Fuel Cycle

How Physical Stores Boost E-commerce

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E-commerce needs physical stores at the end of the day. A new study reveals that U.S e-commerce giants use pick-up stores and are increasingly restrategizing their businesses to include brick-and-mortar models. 

And while the number of online consumers is reaching record high-numbers over the last year, consumers report preferring physical stores where they can see the product and have human interaction.

Here is what 2018 taught us about the changing retail landscape. 

 2018 was the second year moving towards physical stores 

On October 9th, Amazon confirmed the rampant rumors–after the opening of their Chicago and Seattle stores, the Internet giant will soon open its first European “Amazon Go” supermarket in the UK.

Amazon Go, the first supermarket without any staff, requires customers to download an app to shop. Just like in Amazon Prime, clients get special rewards and deals straight from the app.

The existing stores are already extremely popular. According to Bloomberg, Amazon is planning to open more than 3,000 AmazonGo locations across the United States within three years.

Amazon’s strategy? Quietly – but surely, Amazon is implementing a digital presence in the 479 physical Whole Foods stores it acquired a few months ago.

Customers can now pick-up packages in Whole Foods stores and receive special discounts.

As Fortune reported in their first article mentioning Amazon in 1996: “Like most Web retailers, Bezos says that the race is for market share first, profits later. ‘If we’re profitable within the next two years,’ he says, ‘it’ll be by accident.’” It seems that Amazon’s founder has remained true to his values.

For physical stores that are willing to go online, it is a completely different story. A lack of understanding of e-commerce and technical skills seem like a bad combination many are experiencing missing business incremental growth.

For physical stores, going online is complicated

 Physical stores might have their pros when it comes to seeing and touching the product in real life, but when it comes to going online, they are still lacking visibility.

According to Nielsen, more than a third of physical stores do not have an online e-commerce presence – and 33% do not provide support for online purchases, such as click and collect, store delivery, or home delivery.

Times are grim for retailers. According to NY Mag, the average life expectancy of a physical store is five years, while it was 20 years in the nineties. This has become such a global worry that Wikipedia has a page for it called “The Retail Apocalypse”. Since 2010, more than 12,000 stores have closed in the United States.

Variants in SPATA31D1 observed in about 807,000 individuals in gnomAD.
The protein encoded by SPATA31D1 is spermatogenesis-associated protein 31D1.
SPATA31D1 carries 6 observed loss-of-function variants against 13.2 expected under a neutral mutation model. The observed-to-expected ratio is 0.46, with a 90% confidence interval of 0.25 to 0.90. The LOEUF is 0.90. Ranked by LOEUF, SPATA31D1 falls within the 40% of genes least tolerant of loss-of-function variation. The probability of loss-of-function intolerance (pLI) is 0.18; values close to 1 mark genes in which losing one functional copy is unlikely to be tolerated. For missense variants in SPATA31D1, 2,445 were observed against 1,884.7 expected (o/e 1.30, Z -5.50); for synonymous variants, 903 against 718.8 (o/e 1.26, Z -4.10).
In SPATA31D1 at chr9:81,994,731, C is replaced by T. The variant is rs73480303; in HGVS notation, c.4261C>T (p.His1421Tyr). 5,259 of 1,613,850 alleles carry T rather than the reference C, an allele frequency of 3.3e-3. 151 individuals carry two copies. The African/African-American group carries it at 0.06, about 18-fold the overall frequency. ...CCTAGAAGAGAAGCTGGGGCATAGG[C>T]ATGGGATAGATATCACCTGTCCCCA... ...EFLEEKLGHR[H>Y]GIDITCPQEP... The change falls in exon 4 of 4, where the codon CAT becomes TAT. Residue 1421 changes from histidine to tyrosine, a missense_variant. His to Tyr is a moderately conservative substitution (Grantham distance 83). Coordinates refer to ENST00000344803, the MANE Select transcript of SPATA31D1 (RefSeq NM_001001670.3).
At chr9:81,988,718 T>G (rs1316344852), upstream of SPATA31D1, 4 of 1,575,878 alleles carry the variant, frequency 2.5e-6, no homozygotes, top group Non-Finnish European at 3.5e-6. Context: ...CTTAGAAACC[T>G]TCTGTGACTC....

These numbers are just a few examples of how physical stores still struggle to compete against giants such as Amazon, as the “War of data” has only begun.

Collecting data, the key component for success

While leading e-commerce websites own pitless user data (this might be limited since new laws were passed ) smaller businesses and physical stores struggle to know what their clients want. Here are a few insights:

According to Nielsen, the top three products bought online are health-related, personal care items, and cleaning products.

As for curbside pick-up, chips, fresh fruit and vegetables, and canned food are the most popular products. In-store pick-up best sellers are routine products – top three are items such as toilet paper, vitamins, and laundry care.

For the best-oriented marketing team, a real win is when a client is subscribed to buy a product repeatedly. At the moment, more than 20% of online clients in the United States are subscribed to at least one category. Most popular products are pet food, diapers, wipes, meal kits, and vitamins.

With all this pointed data is gathered, it is without a doubt that physical stores could exponentially increase their sales, as well as online stores, can raise awareness of online brands to less digitized communities. Potential synergies between the two worlds seem inevitable in order to survive in the competitive retail market.

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